The agency also asked MCOs to be more aggressive with care management, says Mr. Keck, and steps are being taken to decrease the "hassle factor" for providers. Medicaid providers often incur costs because of requirements that don't always add value, he explains.

Providers complained that the Medicaid enrollment system was creating "churn" that caused claims denials and administrative rework, says Mr. Keck, which led to the implementation of Express Lane Eligibility redetermination.

"Instead of re-enrolling those 90,000 kids through a whole bunch of paperwork, we're able to look at a lot of electronic databases that exist in the state that tell us yes, this child continues to be eligible," says Mr. Keck. "Until we learn differently, we will automatically re-enroll them."

This change will prevent thousands of wasted hours not only in Medicaid, but also in managed care plans and in provider practices, says Mr. Keck, because it will keep eligible children on the Medicaid rolls.

Incentives are necessary

The state law prohibiting reduction of provider rates had an unintended consequence, says Mr. Keck, because there was no incentive for providers to give input on cost reduction. "They knew there was nothing the department could do to lower their reimbursement rate, so the status quo was locked in place for several years," he says.

People need incentives to drive costs out of the program, says Mr. Keck. "One thing you learn in Medicaid pretty quickly is that one man's waste is another man's revenue," he says.

Mr. Keck says that he is very pleased with the feedback the agency is getting from providers. "They clearly understand that it's about margin," he says. "What they care about is the bottom line and what they take home."

Making smart decisions

The agency's Reduction Assessment Team created a list of opportunities to reduce waste in the system, says Mr. Keck, and more than 40 provider groups have met with the team to share cost-saving ideas.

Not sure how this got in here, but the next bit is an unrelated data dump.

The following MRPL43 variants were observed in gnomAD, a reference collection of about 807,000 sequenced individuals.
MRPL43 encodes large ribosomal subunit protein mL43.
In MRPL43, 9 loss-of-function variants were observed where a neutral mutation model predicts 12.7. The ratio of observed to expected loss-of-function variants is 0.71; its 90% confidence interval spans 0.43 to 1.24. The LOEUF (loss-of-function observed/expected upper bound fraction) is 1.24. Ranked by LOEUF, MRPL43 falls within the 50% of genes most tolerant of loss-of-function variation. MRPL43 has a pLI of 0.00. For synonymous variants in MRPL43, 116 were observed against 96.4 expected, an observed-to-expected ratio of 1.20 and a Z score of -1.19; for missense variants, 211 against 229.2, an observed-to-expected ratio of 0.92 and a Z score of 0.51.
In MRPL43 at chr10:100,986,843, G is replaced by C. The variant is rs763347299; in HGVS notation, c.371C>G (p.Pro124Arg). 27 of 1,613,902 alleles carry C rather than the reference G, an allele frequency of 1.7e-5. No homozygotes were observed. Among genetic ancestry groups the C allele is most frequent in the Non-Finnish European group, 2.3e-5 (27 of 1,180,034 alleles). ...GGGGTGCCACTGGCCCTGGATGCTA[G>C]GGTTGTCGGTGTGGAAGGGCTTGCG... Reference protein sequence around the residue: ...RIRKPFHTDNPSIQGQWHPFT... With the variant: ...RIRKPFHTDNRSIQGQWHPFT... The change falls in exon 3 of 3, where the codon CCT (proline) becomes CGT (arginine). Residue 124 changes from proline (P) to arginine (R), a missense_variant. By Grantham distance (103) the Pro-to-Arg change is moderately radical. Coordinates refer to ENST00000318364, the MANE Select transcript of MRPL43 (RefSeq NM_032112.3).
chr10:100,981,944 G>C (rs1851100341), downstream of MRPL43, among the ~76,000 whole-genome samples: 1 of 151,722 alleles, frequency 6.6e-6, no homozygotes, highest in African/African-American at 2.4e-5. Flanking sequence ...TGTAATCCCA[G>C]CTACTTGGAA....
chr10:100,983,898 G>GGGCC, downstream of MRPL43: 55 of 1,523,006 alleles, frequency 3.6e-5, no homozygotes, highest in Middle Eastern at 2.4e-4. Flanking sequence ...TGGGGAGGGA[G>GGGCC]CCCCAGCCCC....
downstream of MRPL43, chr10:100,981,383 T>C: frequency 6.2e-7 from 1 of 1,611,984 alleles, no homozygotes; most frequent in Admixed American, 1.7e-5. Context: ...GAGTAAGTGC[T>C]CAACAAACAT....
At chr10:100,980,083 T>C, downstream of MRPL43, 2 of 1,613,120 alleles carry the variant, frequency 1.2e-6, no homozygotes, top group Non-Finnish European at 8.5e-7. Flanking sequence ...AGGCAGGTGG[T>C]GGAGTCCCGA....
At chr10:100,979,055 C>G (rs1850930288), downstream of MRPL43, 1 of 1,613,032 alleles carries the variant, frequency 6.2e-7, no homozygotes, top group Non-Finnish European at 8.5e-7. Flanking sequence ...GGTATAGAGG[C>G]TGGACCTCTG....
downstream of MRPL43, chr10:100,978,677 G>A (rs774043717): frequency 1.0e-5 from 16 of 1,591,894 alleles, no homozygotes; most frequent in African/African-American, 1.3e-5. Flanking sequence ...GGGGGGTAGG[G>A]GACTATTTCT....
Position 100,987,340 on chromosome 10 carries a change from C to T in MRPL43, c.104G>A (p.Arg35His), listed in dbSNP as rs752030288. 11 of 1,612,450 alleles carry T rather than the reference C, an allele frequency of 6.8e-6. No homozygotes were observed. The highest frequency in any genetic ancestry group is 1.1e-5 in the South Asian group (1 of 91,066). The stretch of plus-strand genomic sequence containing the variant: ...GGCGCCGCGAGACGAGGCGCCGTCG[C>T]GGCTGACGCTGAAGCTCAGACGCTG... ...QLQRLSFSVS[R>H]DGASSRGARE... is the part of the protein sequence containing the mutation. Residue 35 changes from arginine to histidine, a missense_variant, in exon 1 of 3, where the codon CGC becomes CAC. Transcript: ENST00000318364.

"There hasn't been a tradition of using data between providers and the department to make smart decisions," says Mr. Keck. "One way we can help providers do that is to be much better about sharing data with them. We can help them interpret what it means, and where it does not meet up with norms or best practices."

After a parent of a child with cystic fibrosis reported that a certain therapy was constantly getting denied, says Mr. Keck, an important change in preauthorization requirements was made.

"As we sat down and talked about it, we came to realize that the provider was doing an excellent job of prescreening," he says. "Here we were coming around the back end, doing our own review process, when they had already done a more thorough one."

The agency created a "preferred" category for providers with a proven record of providing cost-effective care, says Mr. Keck, which means these providers don't need to obtain prior approval for certain high-cost treatments. "That saves them administrative time in trying to get us to approve something, and saves us from reviewing all that paperwork on the back end," he says.

This reduces hassles for the patient, the provider, and Medicaid all at once, says Mr. Keck. "In almost every case, the best clinical decision will also be the smartest financial decision. Sometimes, we lose sight of that," he says.